Publication
Title
The older, the lonelier? Risk factors for social loneliness in old age
Author
Abstract
Loneliness is often associated with old age, but many studies have shown that the relationship is not straightforward. This paper seeks a better understanding of the impact of social isolation on feelings of loneliness among older people, by building on the theoretical and actual distinction between social and emotional loneliness. Social loneliness refers to a lack of feelings of social integration; emotional loneliness emerges in the absence of an attachment figure. This paper focuses on social loneliness and has two aims, first to disentangle the direct and intermediate effects of both the number and the quality of social relationships on social loneliness in old age, and second to detect the groups at risk of social loneliness by identifying which personal features correspond with which relational deficits and therefore indirectly increase the risk on social loneliness. Data are analysed for a sample of 1,414 respondents aged 55 or more years drawn from the Panel Study of Belgian Households conducted in 2000. The results confirm that improved understanding is gained by decomposing the interrelation between age and other background features, on the one hand, and the social relational features, on the other, as indirect and direct predictors of social loneliness. Generally, this approach promotes a correct identification of the groups at risk of social loneliness in old age.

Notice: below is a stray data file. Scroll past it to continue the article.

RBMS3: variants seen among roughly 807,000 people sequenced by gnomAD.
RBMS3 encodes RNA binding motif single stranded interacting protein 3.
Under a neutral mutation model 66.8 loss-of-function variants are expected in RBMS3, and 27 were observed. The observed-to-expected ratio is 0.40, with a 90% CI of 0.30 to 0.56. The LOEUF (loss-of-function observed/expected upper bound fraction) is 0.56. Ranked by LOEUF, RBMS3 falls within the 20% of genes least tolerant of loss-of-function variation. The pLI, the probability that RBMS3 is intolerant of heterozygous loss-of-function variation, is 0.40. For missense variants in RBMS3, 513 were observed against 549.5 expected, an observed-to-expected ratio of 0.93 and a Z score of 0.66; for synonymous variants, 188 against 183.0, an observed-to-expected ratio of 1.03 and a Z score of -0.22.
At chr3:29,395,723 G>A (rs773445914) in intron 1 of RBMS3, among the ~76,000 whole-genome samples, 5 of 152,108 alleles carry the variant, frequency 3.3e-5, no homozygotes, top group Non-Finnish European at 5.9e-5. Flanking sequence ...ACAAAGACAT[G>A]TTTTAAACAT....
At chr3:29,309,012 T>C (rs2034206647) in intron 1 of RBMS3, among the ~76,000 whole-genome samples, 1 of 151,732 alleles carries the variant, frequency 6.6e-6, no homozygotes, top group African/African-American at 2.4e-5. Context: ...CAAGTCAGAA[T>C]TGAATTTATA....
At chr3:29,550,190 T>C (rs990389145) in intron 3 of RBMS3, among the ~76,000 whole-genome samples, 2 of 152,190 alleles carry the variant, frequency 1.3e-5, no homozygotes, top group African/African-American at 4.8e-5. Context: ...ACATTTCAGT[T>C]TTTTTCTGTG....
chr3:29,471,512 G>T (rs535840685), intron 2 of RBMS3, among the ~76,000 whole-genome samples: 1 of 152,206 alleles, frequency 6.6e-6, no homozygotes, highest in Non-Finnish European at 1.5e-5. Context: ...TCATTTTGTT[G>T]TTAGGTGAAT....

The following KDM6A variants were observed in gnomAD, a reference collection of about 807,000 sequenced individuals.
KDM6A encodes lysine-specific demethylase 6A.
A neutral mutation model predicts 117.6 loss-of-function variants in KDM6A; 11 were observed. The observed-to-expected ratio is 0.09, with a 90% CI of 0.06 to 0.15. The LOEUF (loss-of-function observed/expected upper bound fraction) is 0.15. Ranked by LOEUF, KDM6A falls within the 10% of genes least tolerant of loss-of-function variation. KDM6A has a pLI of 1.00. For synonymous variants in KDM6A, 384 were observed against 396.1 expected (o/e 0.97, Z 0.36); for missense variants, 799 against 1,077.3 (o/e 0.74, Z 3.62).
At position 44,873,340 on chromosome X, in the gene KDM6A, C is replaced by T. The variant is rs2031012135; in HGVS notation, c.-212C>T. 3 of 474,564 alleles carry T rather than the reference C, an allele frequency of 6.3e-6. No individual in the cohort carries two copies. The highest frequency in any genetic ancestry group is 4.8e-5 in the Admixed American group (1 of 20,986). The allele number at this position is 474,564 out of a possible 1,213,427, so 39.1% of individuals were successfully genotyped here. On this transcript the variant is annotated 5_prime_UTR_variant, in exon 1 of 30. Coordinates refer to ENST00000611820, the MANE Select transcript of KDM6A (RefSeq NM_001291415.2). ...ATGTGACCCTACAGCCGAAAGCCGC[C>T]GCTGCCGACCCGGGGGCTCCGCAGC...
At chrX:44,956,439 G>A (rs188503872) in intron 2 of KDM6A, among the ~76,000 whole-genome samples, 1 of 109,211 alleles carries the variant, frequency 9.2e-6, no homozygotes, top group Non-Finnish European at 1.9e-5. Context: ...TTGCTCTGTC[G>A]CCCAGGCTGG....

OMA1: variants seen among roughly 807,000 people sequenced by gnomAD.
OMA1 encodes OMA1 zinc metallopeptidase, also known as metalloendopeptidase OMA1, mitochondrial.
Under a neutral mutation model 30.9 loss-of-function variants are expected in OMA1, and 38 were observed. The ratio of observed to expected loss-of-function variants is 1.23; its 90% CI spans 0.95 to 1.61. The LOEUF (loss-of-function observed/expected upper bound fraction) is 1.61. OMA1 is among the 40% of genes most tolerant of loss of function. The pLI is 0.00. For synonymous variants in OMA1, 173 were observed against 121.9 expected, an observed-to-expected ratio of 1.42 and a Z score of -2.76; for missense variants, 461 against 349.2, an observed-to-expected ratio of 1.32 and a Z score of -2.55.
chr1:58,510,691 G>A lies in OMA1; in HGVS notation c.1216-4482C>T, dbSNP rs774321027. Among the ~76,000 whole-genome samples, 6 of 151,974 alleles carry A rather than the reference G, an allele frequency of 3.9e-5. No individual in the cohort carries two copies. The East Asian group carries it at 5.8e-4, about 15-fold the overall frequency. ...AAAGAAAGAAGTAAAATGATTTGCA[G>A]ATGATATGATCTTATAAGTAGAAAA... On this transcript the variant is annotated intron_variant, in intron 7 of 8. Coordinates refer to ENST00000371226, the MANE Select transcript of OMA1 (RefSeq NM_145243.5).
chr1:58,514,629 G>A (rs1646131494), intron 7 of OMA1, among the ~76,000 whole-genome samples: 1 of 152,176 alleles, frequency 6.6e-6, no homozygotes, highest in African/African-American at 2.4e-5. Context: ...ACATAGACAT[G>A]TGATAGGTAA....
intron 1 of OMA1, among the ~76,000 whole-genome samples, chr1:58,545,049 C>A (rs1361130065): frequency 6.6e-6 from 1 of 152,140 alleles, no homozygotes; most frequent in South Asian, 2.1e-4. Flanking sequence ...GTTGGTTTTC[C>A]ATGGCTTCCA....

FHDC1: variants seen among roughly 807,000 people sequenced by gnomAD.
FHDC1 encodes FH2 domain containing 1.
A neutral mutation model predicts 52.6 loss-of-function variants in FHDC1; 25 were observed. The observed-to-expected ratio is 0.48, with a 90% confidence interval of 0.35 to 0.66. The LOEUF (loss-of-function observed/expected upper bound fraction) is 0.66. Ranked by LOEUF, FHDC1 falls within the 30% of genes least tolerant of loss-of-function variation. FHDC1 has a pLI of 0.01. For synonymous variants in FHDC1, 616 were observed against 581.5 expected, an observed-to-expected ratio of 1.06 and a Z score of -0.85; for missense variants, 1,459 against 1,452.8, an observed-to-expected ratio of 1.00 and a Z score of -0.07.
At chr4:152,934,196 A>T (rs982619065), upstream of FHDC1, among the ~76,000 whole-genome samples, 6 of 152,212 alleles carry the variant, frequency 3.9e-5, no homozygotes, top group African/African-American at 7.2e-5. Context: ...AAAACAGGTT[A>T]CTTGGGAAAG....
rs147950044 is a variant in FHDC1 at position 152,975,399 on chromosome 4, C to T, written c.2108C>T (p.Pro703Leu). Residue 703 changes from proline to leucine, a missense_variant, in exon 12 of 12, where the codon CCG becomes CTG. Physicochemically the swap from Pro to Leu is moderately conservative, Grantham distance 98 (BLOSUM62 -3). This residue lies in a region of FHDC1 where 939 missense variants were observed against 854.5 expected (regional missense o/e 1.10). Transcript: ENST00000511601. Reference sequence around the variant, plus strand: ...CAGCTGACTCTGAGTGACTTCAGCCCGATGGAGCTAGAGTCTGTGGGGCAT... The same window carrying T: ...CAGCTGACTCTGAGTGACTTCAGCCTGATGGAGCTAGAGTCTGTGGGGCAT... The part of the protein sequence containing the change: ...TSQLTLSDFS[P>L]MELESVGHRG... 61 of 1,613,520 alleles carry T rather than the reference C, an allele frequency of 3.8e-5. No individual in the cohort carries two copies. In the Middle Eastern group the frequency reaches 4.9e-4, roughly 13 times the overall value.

Language
English
Source (journal)
Ageing and society. - Cambridge
Publication
Cambridge : 2010
ISSN
0144-686X
Volume/pages
30:7(2010), p. 1177-1196
ISI
000283407000005
Full text (Publisher's DOI)
UAntwerpen
Faculty/Department
Research group
Publication type
Subject
Affiliation
Publications with a UAntwerp address
External links
Web of Science
Record
Identification
Creation 04.02.2011
Last edited 12.10.2017
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